It may be asked, and with some show of reason, how it has been possible for New York City to achieve its present rank in population, in wealth, in commerce and in transportation facilities; how it has acquired its splendid libraries, its magnificent buildings, its museums, its parks, its benevolent institutions, in the face of this continued dominancy of corruption, violence and fraud.  The answer is simple: the city has grown despite these adverse influences.  The harbor of New York is one factor; the Erie Canal (constructed notwithstanding the opposition of the dominant political party of the city) is another; the tremendous growth of the nation, and the thousand external influences that determined the location of the nation’s metropolis, are yet other factors.  The city has grown to magnificence and world-wide influence; but it has paid dear tribute for every forward step it has taken.  Imagination fails at picturing the metropolis that might have been, could the city throughout the century have been guided and controlled in the light of present-day civic ideals.

The difficulties of securing the publication of this work by any of the regular publishing houses proved insurmountable.  Two of the best known firms wrote that they could not encourage me to submit the manuscript to them for consideration.  Four others considered its publication “inadvisable,” though their readers had returned favorable recommendations.  One other declined it without giving reasons.  More recently, when the offer of certain responsible persons who had read the manuscript, to guarantee the expense of its publication, was made to a certain house, the firm replied:  “.. we should hardly feel warranted in locking horns with Tammany Hall...”  It was thought that perhaps an out-of-town house might issue it, but here again declinations were forthcoming.  Finally it was decided to attempt its publication by private subscription.  To this end I solicited individual advances to a publication fund, from a number of the city’s public-spirited citizens.  The appearance of the work at this time is due to the kindly interests of these men.

Acknowledgments for the courtesies tendered me, and for material aid rendered in the project of issuing the work, are due to a number of persons:  To the public-spirited citizens of different political faiths, who, while familiar with the scope of the work, contributed the funds for its publication without insisting upon a censorship of the manuscript or its alteration in any way for political purposes; and particularly to Mr. James B. Reynolds, Mr. James W. Pryor and Milo R. Maltbie, Ph.D.

Gustavus Myers.
New York City, January, 1901.

Foreword to the New Edition (1917)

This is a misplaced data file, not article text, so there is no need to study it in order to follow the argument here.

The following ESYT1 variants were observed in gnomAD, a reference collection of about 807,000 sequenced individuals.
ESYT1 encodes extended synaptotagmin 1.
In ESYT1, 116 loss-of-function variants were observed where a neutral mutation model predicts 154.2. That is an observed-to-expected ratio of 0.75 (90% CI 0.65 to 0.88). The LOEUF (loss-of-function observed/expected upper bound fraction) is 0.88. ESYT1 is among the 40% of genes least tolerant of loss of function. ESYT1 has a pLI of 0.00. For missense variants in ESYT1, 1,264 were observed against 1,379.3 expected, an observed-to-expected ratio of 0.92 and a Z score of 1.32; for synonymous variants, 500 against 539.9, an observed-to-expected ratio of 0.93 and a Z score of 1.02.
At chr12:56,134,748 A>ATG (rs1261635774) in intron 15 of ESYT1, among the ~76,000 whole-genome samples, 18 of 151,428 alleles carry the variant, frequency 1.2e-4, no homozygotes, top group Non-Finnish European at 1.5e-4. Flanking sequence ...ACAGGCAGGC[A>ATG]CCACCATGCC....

Since the original publication of this work, a large number of inquiries have appeared in the Publisher’s Weekly and have come from other quarters requesting information as to where copies of The History of Tammany Hall could be obtained.  For the last ten years this work has been in continuous demand but unavailable.  For reasons fully set forth in the preface to that issue, the edition of 1901 was brought out in the face of difficulties.  Not the least of these was the self-expressed dread of certain publishing houses to bring out a work which (as some of them frankly admitted in their letters of declination) might bring reprisals to them in some unexplained form or other.

Hence to all intents and purposes, that edition was in the nature of a restricted private edition.  Denied the usual and almost indispensable publication and distribution facilities by the publishing houses, the work necessarily was subject to obvious disadvantages, and, so far as circulation went, practically took rank as a suppressed book — not, it is true, suppressed by any particular agency, but by the circumstances of the case.

In 1913 Mr. Edward Kellogg Baird, a public-spirited attorney in New York City, kindly undertook, in behalf of the author (who was absent in another country at the time) to see whether some one of the publishing houses would not bring out a new edition of The History of Tammany Hall, brought down to date.  In his letters to these publishers, Mr. Baird pointed out that there never had been any lack of general interest in this work, and referred to the extremely large number of reviews in important publications in many countries treating the book at length and commending its purpose and scope.  Mr. Baird also called the attention of publishers to the fact that the book was recognized as the only authority on the subject;  that it had been tested by time;  that there had never been a libel suit arising from any of the statements made therein;  and that, therefore, there could be no valid objection on the part of any publisher that publication of further editions would lead to any legal trouble.